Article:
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49ers' Street out to prove he's 'baddest man on the field'

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Kentavius Street

SANTA CLARA -- Defensive lineman Kentavius Street spent his first three NFL training camps rehabbing from a knee injury he sustained in a pre-draft workout with the New York Giants.

Finally, he can just work on being a better football player with a clear mind.

“It’s a huge thing because injuries, especially an ACL, it can not only take a physical toll but it can take an emotional and mental toll,” Street said. “It really reaches into so many spectrums of your life. And to get over that hurdle and focus on what you love is really a peace-bringing opportunity, at least for me.

"It took me three years and I’m really savoring it.”

The 49ers invested a fourth-round draft pick in Street in 2018. He spent his rookie season on the non-football injury list. Street required another procedure in 2019, as he was limited to just three games.

Finally, he was able to get on the field for 15 games last season. He registered 11 tackles with no sacks.

“This is the first year for Street that he really hasn't had to be concerned about rehabbing or focused on injury, right?” 49ers defensive coordinator DeMeco Ryans said. “So he's at this offseason to really work his tail off, to really put together a good training camp. And he's off to a really great start. I'm excited to see how Street will do in the preseason games and moving forward.”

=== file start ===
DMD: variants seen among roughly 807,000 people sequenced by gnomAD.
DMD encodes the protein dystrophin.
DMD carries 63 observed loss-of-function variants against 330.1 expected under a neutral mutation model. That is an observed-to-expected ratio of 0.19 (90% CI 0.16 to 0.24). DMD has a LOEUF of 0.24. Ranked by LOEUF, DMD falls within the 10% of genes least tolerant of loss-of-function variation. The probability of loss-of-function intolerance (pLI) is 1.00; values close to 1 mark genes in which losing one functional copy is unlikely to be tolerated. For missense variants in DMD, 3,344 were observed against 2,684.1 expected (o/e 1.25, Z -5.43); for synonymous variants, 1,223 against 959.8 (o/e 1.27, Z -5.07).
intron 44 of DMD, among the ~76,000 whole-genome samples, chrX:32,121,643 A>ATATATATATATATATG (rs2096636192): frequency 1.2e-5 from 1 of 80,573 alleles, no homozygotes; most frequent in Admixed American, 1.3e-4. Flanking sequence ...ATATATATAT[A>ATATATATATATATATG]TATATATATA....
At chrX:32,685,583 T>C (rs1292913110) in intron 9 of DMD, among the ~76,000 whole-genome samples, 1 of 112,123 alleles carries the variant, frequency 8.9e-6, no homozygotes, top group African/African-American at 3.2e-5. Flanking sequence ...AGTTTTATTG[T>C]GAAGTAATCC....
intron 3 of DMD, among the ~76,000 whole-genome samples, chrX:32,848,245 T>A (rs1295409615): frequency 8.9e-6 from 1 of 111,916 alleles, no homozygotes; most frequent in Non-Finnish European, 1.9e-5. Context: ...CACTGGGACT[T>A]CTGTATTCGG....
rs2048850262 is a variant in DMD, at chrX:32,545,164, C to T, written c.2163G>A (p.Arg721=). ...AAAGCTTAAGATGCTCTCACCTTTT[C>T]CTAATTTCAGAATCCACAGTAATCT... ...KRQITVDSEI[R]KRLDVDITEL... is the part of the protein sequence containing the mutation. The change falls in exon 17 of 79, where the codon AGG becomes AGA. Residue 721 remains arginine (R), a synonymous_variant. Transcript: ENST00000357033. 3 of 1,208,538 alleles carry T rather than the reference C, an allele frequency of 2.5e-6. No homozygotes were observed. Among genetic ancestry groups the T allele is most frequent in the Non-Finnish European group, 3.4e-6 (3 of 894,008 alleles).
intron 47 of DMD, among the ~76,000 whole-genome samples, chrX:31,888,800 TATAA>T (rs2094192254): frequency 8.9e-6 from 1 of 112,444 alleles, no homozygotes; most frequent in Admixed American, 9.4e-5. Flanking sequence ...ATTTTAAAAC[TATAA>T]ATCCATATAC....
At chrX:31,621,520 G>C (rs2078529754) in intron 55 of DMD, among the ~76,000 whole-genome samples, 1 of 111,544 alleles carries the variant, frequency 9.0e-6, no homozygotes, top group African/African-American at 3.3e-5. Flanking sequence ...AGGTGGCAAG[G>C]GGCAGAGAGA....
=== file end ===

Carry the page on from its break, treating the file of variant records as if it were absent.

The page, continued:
Street is playing exclusively on the interior of the 49ers’ defensive line in camp. He lined up next to nose tackle D.J. Jones in the team’s base defense during the first week of training camp.

 

Day in and day out, you know what you're going to get,” Ryans said. “He's been consistent in the backfield disrupting run plays. Also being able to react quicker on a pass play.”

Street said he owes a lot to 49ers defensive line coach Kris Kocurek, whom he describes as a "teddy bear with spikes." Kocurek is constantly yelling -- meant for a mature audience -- as he drives his players hard on the practice field. Kocurek also has a soft side and has been ultra-supportive of Street during his journey.

“He always told me, ‘Street, you belong here. You have all the tools to be a great player in this league and on this defense," Street said of Kocurek.

Street’s physical skills never were questioned during his college days at North Carolina State, where he was known in the weight room for squats of 700 pounds.

While working with Dustin Perry, the 49ers’ strength and conditioning coach, Street has concentrated more on football movements.

“It’s not so much focusing on the weight amount anymore,” Street said. “It’s just making sure I get the full range of motion, be explosive with it, and moving fast — doing the D-line get-off, bending the edge — just being able to replicate those movements in the weight room as many times as possible as fast as possible.”

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Street is healthier, stronger and more ready to make an impact than at any point since entering the NFL.

“My mindset going into each practice is to prove I belong and prove to myself that I’m the baddest man on the field,” Street said.

And how’s that going?

“I feel like I’m taking steps toward that.”

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